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529 PLANS AND QUALIFIED CHARITABLE DISTRIBUTIONS: TODAY’S SLOTT REPORT MAILBAG

By Andy Ives, CFP®, AIF®
IRA Analyst
Follow Us on X: 
@theslottreport

QUESTION:

I have been funding a 529 account for over 15 years and no longer need to add deposits.

Could I change the beneficiary to myself and then convert to a Roth IRA, assuming I have met the 5-year deposit hurdle as well? Has the government ruled on when the clock starts for the 15 years? Meaning, is it from when you open the account or does it restart when you change the beneficiary?

Thanks!

ANSWER:

This question is timely as I wrote an article about this topic just yesterday for the Slott Report. The link is here: https://www.irahelp.com/slottreport/529-roth-now-available-questions-persist

529 dollars can be rolled to a Roth IRA for the 529 beneficiary, but only after the 529 account has been open for at least 15 years. Yes, you can change the beneficiary of the 529 to yourself, but we still do not know if that will result in a reset of the 15-year clock. As such, it might be best to delay any beneficiary changes until we have definitive guidance from the IRS.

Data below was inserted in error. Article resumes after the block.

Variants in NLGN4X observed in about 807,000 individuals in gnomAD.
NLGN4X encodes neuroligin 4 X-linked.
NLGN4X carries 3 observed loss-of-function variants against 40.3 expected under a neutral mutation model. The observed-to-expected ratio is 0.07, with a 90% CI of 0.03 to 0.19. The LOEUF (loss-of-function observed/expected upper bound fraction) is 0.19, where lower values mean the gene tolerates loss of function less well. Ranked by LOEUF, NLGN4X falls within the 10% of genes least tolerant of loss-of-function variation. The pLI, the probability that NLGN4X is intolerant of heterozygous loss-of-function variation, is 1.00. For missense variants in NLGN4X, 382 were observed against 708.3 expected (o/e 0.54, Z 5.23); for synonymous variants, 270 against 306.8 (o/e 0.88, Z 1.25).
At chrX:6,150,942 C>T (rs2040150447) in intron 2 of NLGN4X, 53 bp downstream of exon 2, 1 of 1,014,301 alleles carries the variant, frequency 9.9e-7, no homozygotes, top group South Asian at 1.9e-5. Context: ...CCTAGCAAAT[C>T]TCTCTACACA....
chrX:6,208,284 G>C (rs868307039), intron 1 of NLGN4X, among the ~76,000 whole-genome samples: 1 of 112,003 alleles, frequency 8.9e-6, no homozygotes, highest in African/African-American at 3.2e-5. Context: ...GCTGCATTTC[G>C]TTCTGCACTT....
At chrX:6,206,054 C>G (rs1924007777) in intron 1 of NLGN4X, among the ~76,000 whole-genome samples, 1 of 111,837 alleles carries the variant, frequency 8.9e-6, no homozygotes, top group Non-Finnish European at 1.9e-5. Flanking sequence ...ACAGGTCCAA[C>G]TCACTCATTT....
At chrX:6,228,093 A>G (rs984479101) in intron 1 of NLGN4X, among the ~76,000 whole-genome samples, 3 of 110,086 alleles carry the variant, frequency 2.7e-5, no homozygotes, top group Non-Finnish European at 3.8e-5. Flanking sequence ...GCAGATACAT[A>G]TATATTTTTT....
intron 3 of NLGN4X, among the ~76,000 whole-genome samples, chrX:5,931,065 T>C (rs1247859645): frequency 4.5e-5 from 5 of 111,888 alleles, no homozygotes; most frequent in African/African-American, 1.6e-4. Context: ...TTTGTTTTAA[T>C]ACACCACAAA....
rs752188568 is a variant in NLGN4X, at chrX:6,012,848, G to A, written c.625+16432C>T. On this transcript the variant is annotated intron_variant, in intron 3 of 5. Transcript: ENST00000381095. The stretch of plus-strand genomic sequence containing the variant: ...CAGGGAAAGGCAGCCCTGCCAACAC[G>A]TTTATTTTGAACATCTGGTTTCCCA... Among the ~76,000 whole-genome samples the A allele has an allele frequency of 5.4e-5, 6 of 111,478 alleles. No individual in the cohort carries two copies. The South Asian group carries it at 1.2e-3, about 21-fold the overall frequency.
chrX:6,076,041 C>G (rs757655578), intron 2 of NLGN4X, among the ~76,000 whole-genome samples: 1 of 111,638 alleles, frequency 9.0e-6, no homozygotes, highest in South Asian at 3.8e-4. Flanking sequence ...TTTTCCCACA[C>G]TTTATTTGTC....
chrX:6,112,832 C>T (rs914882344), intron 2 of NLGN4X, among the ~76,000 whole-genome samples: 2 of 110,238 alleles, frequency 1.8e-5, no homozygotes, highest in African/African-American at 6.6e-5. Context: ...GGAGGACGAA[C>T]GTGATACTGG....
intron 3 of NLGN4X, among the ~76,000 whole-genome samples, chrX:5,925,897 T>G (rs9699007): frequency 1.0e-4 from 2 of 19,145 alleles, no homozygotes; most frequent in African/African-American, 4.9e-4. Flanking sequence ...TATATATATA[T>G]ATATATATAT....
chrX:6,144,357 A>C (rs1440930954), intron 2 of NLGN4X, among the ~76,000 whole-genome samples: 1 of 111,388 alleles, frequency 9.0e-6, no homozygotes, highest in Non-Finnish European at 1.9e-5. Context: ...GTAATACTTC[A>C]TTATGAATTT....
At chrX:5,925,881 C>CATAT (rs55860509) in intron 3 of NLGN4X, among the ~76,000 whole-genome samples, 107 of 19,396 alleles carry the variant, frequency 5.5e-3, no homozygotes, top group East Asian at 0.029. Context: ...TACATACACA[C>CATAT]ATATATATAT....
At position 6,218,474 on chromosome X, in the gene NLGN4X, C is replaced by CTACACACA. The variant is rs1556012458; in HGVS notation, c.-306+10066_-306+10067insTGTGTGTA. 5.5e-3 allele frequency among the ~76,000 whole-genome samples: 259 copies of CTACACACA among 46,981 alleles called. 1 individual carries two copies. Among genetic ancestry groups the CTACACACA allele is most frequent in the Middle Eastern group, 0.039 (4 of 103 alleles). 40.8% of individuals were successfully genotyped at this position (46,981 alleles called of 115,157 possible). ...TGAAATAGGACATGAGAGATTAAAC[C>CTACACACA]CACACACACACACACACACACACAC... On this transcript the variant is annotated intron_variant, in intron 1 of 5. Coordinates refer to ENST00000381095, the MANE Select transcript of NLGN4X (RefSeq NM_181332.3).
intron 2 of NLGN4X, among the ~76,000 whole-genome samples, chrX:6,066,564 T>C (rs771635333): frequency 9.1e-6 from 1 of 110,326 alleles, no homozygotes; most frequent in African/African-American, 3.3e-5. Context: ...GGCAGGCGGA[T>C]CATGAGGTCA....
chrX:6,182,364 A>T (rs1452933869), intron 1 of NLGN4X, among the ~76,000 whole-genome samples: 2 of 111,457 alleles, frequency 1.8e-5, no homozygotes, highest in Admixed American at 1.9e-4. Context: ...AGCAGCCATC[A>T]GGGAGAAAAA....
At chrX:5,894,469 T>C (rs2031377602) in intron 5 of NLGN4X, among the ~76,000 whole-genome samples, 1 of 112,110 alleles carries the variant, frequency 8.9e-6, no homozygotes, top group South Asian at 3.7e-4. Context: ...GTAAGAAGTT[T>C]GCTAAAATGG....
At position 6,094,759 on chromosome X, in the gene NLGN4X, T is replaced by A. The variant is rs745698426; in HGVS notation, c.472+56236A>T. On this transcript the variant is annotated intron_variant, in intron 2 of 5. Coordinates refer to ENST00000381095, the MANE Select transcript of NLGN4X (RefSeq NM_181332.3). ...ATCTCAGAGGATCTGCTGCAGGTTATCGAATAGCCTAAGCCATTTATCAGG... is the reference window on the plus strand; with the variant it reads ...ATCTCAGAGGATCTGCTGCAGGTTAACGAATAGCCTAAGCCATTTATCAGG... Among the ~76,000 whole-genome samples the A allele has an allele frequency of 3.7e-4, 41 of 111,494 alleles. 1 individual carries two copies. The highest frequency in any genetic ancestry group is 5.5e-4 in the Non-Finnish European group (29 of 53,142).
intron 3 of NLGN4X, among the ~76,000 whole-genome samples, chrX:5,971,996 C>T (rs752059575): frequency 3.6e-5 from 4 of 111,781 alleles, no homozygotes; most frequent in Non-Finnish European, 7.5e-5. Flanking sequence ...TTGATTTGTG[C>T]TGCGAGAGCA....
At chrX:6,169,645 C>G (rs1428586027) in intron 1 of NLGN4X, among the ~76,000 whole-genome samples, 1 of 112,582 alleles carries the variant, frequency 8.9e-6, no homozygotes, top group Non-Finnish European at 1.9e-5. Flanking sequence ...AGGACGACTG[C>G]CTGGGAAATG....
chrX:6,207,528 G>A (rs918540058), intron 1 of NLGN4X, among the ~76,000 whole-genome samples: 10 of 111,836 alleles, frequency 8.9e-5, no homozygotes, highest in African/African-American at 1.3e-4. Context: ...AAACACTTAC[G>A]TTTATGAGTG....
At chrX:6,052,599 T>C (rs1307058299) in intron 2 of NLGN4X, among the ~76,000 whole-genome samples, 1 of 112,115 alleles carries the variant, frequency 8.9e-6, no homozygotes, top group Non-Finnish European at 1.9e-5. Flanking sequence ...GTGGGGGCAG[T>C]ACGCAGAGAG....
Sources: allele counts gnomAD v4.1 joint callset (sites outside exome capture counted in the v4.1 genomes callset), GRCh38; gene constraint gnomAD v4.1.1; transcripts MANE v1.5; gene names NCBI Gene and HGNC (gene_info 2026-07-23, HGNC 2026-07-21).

QUESTION:

Once the beneficiary of an inherited IRA has reached 70 ½, is the beneficiary eligible to make qualified charitable distributions (QCDs) annually?

Dale

ANSWER:

Dale,

Yes, QCDs can be done from an inherited IRA once the inherited IRA beneficiary is age 70 ½ or older. All the normal QCD rules apply – like the fact a person must actually be 70 ½ to do the QCD. It is not good enough to be turning 70 ½ later in the year. Also, it does not matter how old the original IRA owner was when they passed away. That has no bearing on QCD eligibility from the inherited IRA. (Note that the QCD limit is indexed for inflation and has been adjusted to $105,000 for 2024.)

https://www.irahelp.com/slottreport/529-plans-and-qualified-charitable-distributions-todays-slott-report-mailbag

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